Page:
Wisconsin farmers will be planting more soybean crops this year - WAOW - Newsline 9, Wausau News, Weather, Sports

Wisconsin farmers will be planting more soybean crops this year


The growing season is almost upon us and farmers are beginning to think about what they will be planting this year.

A lot of farmers are waiting for winter to be over already so the growing season can begin. The big question remains, what crops to plant or not to plant this year.

Soybeans may be at the top of the crop list this year for Wisconsin farmers. Local agriculture leaders said there are two possible reasons for the expected rise in soybean production over other popular crops such as corn. The first being that there is simply too much corn leftover from last year and farmers are looking for a new, more profitable crop. The other reason may be because farmers are always rotating crops and amending soil. What it ultimately comes down to is the farmer's gut instinct, finances, and what crop they think will be most lucrative.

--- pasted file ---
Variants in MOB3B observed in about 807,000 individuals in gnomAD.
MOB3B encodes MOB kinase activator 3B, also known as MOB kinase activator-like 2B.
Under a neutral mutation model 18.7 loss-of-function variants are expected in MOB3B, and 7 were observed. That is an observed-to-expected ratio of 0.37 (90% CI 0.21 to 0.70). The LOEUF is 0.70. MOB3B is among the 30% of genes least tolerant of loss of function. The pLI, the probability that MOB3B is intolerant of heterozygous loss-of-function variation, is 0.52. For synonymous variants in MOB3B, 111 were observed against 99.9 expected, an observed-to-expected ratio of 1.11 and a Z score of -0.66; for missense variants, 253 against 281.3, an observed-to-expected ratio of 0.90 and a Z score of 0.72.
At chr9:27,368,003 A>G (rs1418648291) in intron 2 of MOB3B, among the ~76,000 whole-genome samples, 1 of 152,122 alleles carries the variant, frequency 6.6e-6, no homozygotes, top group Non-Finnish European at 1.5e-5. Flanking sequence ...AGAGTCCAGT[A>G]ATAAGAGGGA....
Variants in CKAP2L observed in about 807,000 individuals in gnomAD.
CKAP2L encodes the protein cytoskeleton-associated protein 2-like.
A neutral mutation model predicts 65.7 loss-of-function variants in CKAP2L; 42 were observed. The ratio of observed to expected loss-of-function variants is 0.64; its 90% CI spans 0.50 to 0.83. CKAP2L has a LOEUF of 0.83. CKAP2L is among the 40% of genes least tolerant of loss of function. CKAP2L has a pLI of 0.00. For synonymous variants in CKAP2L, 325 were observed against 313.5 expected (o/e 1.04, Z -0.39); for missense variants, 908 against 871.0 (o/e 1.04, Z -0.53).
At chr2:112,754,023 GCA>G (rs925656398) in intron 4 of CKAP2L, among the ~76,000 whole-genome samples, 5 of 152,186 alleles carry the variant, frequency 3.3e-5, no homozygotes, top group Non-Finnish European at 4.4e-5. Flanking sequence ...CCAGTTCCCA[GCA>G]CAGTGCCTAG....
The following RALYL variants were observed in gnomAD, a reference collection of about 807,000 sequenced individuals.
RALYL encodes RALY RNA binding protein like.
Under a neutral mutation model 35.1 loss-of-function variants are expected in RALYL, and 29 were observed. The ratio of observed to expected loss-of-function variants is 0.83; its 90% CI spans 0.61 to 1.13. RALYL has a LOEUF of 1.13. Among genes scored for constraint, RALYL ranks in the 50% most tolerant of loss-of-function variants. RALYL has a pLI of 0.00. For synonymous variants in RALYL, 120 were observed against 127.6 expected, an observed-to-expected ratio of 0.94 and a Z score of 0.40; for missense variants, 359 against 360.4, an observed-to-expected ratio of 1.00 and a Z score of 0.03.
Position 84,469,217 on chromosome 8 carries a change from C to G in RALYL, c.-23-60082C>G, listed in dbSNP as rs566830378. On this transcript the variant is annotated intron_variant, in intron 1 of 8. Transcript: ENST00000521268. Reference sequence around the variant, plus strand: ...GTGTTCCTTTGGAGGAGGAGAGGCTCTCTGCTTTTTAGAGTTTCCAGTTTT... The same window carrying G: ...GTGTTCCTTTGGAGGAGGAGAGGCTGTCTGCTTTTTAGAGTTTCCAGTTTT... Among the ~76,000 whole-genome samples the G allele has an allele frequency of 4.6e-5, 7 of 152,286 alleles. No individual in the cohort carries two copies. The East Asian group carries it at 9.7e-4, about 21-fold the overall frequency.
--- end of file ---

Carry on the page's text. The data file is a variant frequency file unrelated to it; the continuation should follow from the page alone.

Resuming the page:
Kaitlyn Lance, the agriculture educator at the UW-Extension for La Crosse county says, "A lot of farmers are going to be turning towards diversification, so not only are they going to have dairy, but also have that crop aspect of soybean and corn. Maybe looking at some cover crops like oats and things like that to kind of help them reach these different markets."

The production of soybeans depends heavily on the weather with typical planting beginning during the first week of May. The prices you'll pay at the super markets for corn and soybeans this summer are expected to remain fairly similar to what they were last year. It is important to keep in mind that margins are very tight overall in the agricultural industry and that it would only take a bad storm or not enough summer warmth to drive prices higher.

Many farmers are looking to soybeans as well, because as Kaitlyn would say, it's always nice to have a "fall back plan" just in case. This is important now because crops like corn are continuing to see a surplus. This idea of a "fall back plan" would allow farmers to continue to generate income from another crop even if others aren't doing well.

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